Let's start by addressing the big logical problem. Action RPG Darksiders II lets you play Death himself. The bad man with the big scythe, the Reaper of Souls, the Horseman of the Apocalypse. Not only do you ride a pale horse, you summon it by pressing RB and LB. Amazing.
Except not, because this is a video game, and on his quest you'll watch Death get knocked about by beetles, slip uselessly into innumerable pits, and begin every single conversation with an NPC by asking them who they are. Shouldn't he know who they are already? If this guy showed up to claim your soul, you'd probably put up the same mumbled resistance you'd show a mugger.
Even his quest is kind of sweet, which is a word we never thought we'd use when describing anything to do with Death - he's just trying to help his brother. Admittedly his brother is War, who's currently standing trial for erasing humanity during the first Darksiders, but it's important to not get caught up in the details. The point is that Death has to restore life to all humanity, an interplanar journey that sees him hopping between madder and madder realms, harassing custodians from the Tree of Life to the Realm of the Dead.
That said, you'll be spending most of your time stalking Darksiders II's generous expanse of dungeons. As in the first Darksiders, these have a distinctly thoughtful pace, with every chamber as likely to contain a puzzle as a fight or Prince of Persia-style movement challenge. Death is much sprightlier than 2010's War, and whipping him along walls, down chains or up posts is quietly satisfying, even if it doesn't come close to the (figurative) heights or breathlessness of Prince of Persia.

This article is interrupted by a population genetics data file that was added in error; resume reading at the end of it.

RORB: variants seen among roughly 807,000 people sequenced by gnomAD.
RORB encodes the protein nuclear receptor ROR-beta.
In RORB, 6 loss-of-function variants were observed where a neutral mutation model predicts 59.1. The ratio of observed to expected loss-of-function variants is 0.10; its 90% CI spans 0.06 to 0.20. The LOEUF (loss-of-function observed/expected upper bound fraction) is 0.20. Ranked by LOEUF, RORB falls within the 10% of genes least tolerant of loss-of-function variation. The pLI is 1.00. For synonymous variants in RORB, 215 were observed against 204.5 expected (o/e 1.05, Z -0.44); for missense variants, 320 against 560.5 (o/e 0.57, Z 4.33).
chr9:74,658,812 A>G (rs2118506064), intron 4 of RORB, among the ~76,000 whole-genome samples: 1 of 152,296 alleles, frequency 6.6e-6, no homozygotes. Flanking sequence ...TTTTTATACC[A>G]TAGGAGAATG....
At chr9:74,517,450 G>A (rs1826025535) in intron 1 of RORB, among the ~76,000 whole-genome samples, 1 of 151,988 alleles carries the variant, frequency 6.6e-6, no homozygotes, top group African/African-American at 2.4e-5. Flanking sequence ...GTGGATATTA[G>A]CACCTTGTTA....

No, Darksiders II is much more at home nudging Death into fights, where the sheer range of powers available to you makes up for it not being the most polished hack 'n' slash game on the Xbox 360. Between dodging, countering, scything, teleporting, summoning ghouls, coughing up ravens, assuming your true "Reaper" form or delving into your toybox of equipment, Death revels in, er, death.
There's the slight irk of even the smallest enemies unblinkingly absorbing blow after blow that can make combat a bit exhausting, but unpleasantly durable dragonflies aside, it's consistently satisfying to weave through a crowd of enemies, scything and rolling all the way.
Scythe & Death
Where the combat hits speedbumps with teeth-rattling force is when it collides with the game's RPG side. Not content with combining platforming, brawling and puzzling, Darksiders II also tries its hand at being an open-world RPG, complete with quests, loot, a skill tree, doubling back to old areas and levelling up. Death doesn't just have a scythe. New, frequently irrelevant scythes, boots and jackets slip disgustingly from the guts of almost anything you kill. Even nicking a monster causes a number to float out of it, explaining exactly how much damage you did in the JRPG style.
Much like everything else in Darksiders II, and inappropriately for a game about Death, who specialises in death and dealing death, these RPG elements are entirely pleasant. Completing a quest, edging up the skill tree, and upgrading to Flaming Ghouls is quite nice. Pawing through your loot and admiring Death in a new cape with a dashing new warhammer is also nice. It's especially nice when you're having trouble with a fight, pause the game to dress up in an entirely new outfit, and proceed to shred a whole crowd of golems like so much lettuce.